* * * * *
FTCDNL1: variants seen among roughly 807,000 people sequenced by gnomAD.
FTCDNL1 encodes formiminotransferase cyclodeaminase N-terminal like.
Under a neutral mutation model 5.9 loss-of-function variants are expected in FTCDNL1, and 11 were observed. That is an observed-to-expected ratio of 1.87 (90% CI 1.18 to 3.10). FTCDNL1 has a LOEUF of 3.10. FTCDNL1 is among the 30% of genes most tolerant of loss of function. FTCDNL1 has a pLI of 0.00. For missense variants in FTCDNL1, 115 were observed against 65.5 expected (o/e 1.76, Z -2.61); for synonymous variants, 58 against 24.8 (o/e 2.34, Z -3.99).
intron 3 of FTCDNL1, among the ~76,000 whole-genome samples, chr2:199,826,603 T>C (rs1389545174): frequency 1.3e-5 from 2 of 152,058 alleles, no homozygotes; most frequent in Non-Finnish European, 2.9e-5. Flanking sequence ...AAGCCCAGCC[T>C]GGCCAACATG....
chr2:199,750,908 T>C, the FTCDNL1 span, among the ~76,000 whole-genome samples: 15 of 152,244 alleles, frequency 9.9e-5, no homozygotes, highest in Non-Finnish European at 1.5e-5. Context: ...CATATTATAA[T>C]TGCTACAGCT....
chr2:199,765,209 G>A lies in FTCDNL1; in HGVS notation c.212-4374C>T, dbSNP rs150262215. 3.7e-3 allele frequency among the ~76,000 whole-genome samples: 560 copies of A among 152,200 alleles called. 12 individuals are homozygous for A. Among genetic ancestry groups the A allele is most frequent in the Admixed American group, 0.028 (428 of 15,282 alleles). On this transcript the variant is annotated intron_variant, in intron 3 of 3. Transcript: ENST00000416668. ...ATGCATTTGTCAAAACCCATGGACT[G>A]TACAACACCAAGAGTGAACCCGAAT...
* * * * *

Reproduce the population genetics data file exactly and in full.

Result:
FTCDNL1: variants seen among roughly 807,000 people sequenced by gnomAD.
FTCDNL1 encodes formiminotransferase cyclodeaminase N-terminal like.
Under a neutral mutation model 5.9 loss-of-function variants are expected in FTCDNL1, and 11 were observed. That is an observed-to-expected ratio of 1.87 (90% CI 1.18 to 3.10). FTCDNL1 has a LOEUF of 3.10. FTCDNL1 is among the 30% of genes most tolerant of loss of function. FTCDNL1 has a pLI of 0.00. For missense variants in FTCDNL1, 115 were observed against 65.5 expected (o/e 1.76, Z -2.61); for synonymous variants, 58 against 24.8 (o/e 2.34, Z -3.99).
intron 3 of FTCDNL1, among the ~76,000 whole-genome samples, chr2:199,826,603 T>C (rs1389545174): frequency 1.3e-5 from 2 of 152,058 alleles, no homozygotes; most frequent in Non-Finnish European, 2.9e-5. Flanking sequence ...AAGCCCAGCC[T>C]GGCCAACATG....
chr2:199,750,908 T>C, the FTCDNL1 span, among the ~76,000 whole-genome samples: 15 of 152,244 alleles, frequency 9.9e-5, no homozygotes, highest in Non-Finnish European at 1.5e-5. Context: ...CATATTATAA[T>C]TGCTACAGCT....
chr2:199,765,209 G>A lies in FTCDNL1; in HGVS notation c.212-4374C>T, dbSNP rs150262215. 3.7e-3 allele frequency among the ~76,000 whole-genome samples: 560 copies of A among 152,200 alleles called. 12 individuals are homozygous for A. Among genetic ancestry groups the A allele is most frequent in the Admixed American group, 0.028 (428 of 15,282 alleles). On this transcript the variant is annotated intron_variant, in intron 3 of 3. Transcript: ENST00000416668. ...ATGCATTTGTCAAAACCCATGGACT[G>A]TACAACACCAAGAGTGAACCCGAAT...